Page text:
The story in this issue on Georgia-Pacific’s OSB plant in Clarendon County, South Carolina brings back memories. Not memories of Georgia-Pacific, but rather of Grant Forest Products, the Ontario-based company that built an OSB plant in Allendale, SC, then immediately started construction of the one at Clarendon, before undergoing financial pains during the recession and ultimately selling both OSB plants to GP (owned by Koch Industries) in 2010.
My memories go back to September 1989 when I visited Grant Forest Products’ new OSB line in Englehart, Ontario. The Grant connection to the GP story prompted me to look into my old files. I have thinned them out through the years, but some I’ve kept because the subject matter left an impression. Sure enough, the Grant file on the Englehart startup was there, fully intact, perhaps untouched in, could it really be, 30 years?
It’s a thick file. Much of the material is the literature that Grant produced for the grand opening of the OSB line, such as the layout of the plant, the history and current makeup of the company, and most impressively a colorful magazine that delves into the development of the project and its successful realization.
Another item in the file is a printout of an article, written by my predecessor Griff Griffin, that appeared in the February 1983 issue of Panel World on Grant’s new waferboard mill that had started up in 1982, one of several waferboard mills coming on line about that time. That article refers to 38-year-old Peter Grant as a “gutsy entrepreneurial.” He was the oldest of eight sons born to the late Morgan Grant, and most of them were involved in managing the various businesses founded by their father, including farming, trucking, construction and sawmilling.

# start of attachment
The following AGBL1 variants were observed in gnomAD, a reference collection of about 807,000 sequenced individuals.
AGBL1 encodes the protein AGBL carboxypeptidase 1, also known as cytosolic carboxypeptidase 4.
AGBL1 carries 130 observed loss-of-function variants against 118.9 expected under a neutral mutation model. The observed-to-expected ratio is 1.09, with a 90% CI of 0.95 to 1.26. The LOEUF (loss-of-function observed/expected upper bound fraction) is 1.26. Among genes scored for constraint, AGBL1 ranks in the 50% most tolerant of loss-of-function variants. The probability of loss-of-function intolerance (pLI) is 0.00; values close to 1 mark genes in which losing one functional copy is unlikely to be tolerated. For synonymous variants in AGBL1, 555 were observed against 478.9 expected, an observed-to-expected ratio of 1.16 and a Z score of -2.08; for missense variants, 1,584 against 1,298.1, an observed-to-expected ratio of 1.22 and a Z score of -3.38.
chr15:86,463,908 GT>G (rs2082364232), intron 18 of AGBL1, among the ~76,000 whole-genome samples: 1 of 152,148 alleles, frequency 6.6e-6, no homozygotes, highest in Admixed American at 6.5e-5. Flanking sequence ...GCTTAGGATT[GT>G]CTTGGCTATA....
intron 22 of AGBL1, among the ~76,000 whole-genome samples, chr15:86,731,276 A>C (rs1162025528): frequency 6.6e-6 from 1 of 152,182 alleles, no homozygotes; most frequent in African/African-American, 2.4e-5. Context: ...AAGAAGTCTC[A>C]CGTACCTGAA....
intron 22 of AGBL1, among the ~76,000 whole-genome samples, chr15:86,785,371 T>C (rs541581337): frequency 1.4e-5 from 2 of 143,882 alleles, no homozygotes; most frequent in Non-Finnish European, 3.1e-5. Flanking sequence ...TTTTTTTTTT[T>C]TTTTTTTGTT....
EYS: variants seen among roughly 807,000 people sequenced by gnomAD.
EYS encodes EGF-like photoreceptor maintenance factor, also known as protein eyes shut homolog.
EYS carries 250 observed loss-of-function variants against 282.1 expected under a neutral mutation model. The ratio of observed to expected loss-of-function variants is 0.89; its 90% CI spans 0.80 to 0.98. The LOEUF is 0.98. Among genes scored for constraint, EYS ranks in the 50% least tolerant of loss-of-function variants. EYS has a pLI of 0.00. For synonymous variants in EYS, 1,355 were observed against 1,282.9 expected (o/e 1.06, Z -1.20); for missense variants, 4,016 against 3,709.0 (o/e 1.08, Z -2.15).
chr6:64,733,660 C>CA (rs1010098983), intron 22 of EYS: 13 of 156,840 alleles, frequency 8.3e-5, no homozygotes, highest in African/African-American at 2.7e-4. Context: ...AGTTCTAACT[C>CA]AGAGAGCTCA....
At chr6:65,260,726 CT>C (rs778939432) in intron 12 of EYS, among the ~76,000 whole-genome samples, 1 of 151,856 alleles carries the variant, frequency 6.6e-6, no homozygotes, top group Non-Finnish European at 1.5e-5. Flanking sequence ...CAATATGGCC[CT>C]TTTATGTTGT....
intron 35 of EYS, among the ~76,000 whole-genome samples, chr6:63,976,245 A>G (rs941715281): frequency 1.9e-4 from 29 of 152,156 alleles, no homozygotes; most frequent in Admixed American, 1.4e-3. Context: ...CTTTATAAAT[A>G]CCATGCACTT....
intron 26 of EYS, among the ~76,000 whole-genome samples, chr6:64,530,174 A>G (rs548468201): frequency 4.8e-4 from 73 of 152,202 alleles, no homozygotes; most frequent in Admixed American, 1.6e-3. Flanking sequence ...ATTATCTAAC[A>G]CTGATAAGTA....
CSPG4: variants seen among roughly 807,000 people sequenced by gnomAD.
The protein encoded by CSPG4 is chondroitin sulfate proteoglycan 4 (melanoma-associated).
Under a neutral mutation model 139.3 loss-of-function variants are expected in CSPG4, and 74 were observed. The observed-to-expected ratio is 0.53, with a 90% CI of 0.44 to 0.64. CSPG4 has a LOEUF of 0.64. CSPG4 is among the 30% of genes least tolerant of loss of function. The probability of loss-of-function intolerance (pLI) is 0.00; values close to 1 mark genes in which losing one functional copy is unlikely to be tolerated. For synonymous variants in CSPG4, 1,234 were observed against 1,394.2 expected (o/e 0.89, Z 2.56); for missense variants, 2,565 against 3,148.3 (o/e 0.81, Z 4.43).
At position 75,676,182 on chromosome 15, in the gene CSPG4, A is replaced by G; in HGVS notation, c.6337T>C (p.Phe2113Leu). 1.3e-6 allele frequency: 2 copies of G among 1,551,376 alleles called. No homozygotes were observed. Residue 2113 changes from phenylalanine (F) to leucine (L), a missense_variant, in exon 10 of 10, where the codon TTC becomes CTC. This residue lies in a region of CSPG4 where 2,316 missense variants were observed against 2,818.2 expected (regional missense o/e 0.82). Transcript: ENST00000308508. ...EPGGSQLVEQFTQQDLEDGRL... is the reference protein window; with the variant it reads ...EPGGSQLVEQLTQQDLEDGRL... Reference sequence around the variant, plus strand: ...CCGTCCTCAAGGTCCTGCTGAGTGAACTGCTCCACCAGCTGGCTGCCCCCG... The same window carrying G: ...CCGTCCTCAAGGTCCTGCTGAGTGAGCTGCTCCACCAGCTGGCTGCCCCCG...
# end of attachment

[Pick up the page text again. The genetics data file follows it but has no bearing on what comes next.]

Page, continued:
Another reason the Grant file was so thick was that 30 years ago people still used typewriters, and so there are pages of my typed up interview with Peter Grant from when we sat in his office for a good hour before I toured the new OSB line.
Grant, educated in civil engineering at Michigan Tech, had worked in construction in the U.S. before returning to the family business. He became general manager of Grant Lumber’s planing mill at Elk Lake, before venturing into waferboard.
Grant told me the new OSB line cost about $75 million. It was located adjacent the waferboard line, each with their own dryers, blenders, forming line, multiple-opening press, and trim saw lines.
Peter Grant was known for his innovations and I recall the new OSB line using a combination of liquid and powdered resins, longer (6 in.) strands in the board, fines put back in the board. “We do things much much differently than anybody else does. I can assure you that,” Grant told me.
I had interviewed another waferboard/OSB pioneer, LP’s Harry Merlo, four years earlier. About the time I interviewed Grant, LP seemed to be building an OSB mill every year. I wondered then if Grant would follow such an accelerated path. He didn’t go that route, seemingly content on what he had built at Englehart, until his 2005 announcement to build two OSB plants in South Carolina.
Those didn’t pan out for Grant, but his legacy is all over them today. Meanwhile I hear that Grant has recovered nicely in the farming industry.
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